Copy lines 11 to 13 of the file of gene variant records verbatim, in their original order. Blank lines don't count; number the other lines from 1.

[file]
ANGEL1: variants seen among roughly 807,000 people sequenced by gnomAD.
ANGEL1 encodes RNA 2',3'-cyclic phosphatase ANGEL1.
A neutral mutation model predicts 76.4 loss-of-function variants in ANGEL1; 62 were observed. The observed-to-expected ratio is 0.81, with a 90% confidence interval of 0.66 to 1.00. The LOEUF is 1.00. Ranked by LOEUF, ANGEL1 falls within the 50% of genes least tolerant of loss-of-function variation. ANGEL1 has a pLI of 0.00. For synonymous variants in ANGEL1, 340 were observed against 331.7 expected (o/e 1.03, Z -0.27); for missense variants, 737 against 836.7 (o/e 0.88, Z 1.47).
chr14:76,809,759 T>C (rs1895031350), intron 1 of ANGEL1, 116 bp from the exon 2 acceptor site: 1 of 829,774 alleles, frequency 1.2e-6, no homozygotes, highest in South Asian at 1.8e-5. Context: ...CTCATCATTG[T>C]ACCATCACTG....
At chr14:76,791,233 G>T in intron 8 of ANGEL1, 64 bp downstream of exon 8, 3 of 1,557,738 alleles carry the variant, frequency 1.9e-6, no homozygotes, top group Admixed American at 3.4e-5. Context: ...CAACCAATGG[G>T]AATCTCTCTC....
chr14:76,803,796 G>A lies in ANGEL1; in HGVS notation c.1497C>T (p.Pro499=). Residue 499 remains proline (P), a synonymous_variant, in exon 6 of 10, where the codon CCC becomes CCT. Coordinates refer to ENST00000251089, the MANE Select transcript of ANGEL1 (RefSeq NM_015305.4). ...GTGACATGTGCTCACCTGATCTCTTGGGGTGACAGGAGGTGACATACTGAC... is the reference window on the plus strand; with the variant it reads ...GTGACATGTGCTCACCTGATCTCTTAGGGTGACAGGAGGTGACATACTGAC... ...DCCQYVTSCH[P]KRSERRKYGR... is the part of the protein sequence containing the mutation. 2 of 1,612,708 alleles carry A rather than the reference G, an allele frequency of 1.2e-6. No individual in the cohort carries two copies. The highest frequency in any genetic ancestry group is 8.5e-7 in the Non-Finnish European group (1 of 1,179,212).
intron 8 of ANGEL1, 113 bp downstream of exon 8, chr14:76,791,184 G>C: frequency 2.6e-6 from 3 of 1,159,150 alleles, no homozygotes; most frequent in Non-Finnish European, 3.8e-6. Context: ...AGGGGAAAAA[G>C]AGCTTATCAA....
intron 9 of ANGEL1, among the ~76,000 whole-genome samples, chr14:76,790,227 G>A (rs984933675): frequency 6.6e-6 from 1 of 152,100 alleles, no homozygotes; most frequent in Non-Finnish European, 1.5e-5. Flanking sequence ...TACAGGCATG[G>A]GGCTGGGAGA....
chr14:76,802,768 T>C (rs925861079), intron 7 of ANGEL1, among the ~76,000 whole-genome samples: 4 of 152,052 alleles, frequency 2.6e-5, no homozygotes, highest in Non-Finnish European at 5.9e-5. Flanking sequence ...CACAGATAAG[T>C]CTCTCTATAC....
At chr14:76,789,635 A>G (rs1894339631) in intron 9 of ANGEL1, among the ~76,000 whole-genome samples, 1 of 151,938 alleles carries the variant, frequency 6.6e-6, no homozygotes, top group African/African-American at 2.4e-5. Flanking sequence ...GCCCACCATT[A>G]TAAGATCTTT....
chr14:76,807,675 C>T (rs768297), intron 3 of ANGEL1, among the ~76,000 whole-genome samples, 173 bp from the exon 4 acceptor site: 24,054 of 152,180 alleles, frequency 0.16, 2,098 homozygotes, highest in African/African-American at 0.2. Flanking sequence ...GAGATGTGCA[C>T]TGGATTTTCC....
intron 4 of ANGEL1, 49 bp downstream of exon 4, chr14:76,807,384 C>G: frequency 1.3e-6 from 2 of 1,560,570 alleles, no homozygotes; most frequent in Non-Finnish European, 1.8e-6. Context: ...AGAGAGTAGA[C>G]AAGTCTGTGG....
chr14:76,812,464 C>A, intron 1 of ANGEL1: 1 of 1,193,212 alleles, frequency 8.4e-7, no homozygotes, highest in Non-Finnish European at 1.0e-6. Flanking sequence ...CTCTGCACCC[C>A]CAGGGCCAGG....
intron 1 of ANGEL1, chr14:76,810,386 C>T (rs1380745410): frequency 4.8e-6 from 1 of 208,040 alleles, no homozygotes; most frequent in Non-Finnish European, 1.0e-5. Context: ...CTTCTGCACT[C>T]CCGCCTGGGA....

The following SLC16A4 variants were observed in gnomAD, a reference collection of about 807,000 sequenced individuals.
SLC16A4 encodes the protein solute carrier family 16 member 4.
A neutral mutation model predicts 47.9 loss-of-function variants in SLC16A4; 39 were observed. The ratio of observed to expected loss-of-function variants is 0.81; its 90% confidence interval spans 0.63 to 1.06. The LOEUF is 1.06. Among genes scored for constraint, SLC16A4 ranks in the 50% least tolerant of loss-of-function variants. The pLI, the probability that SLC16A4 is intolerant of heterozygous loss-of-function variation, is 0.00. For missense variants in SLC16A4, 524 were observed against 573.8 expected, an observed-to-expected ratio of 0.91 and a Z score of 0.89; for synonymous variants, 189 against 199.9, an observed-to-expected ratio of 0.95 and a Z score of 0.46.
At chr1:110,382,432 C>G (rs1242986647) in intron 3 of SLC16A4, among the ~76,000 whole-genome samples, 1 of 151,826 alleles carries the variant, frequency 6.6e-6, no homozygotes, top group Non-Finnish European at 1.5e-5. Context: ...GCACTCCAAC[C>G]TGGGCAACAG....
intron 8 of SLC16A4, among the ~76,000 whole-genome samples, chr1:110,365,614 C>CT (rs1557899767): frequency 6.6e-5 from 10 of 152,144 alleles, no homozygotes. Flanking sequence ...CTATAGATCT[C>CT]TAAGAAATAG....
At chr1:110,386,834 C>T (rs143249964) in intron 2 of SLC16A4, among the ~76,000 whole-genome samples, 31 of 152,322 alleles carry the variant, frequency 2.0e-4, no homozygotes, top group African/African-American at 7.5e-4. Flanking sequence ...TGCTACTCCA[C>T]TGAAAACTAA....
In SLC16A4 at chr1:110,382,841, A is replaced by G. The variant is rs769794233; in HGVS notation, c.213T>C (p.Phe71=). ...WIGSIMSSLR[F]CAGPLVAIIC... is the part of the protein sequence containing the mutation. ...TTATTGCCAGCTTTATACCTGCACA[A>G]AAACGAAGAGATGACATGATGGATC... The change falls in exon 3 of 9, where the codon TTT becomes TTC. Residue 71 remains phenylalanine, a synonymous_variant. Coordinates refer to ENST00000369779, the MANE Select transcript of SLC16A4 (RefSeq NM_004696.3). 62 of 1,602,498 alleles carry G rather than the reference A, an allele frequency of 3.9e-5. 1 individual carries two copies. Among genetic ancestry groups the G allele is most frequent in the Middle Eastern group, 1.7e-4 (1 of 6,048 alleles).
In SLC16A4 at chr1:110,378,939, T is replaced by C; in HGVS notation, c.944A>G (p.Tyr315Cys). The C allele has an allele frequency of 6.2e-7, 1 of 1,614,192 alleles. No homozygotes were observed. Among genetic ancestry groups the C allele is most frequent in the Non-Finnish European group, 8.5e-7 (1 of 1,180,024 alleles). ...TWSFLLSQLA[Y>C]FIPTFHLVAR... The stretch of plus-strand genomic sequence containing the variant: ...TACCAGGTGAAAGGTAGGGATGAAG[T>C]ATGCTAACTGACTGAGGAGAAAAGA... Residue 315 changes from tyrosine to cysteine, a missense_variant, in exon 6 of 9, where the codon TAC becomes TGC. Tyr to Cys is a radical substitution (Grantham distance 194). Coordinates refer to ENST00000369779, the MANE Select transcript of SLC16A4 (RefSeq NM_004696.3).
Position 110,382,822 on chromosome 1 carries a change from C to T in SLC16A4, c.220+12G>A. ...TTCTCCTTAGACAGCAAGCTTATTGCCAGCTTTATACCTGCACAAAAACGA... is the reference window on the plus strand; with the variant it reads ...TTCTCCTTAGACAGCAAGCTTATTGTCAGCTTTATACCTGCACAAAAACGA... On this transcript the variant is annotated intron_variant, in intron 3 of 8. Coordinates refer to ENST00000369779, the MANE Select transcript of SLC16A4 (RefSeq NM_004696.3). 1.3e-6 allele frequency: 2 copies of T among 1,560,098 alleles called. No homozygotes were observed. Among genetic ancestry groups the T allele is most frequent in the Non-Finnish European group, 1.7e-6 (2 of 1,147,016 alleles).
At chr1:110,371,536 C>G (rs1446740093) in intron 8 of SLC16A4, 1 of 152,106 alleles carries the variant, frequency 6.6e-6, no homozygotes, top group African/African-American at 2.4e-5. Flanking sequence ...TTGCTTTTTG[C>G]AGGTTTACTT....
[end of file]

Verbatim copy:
chr14:76,807,675 C>T (rs768297), intron 3 of ANGEL1, among the ~76,000 whole-genome samples, 173 bp from the exon 4 acceptor site: 24,054 of 152,180 alleles, frequency 0.16, 2,098 homozygotes, highest in African/African-American at 0.2. Flanking sequence ...GAGATGTGCA[C>T]TGGATTTTCC....
intron 4 of ANGEL1, 49 bp downstream of exon 4, chr14:76,807,384 C>G: frequency 1.3e-6 from 2 of 1,560,570 alleles, no homozygotes; most frequent in Non-Finnish European, 1.8e-6. Context: ...AGAGAGTAGA[C>G]AAGTCTGTGG....
chr14:76,812,464 C>A, intron 1 of ANGEL1: 1 of 1,193,212 alleles, frequency 8.4e-7, no homozygotes, highest in Non-Finnish European at 1.0e-6. Flanking sequence ...CTCTGCACCC[C>A]CAGGGCCAGG....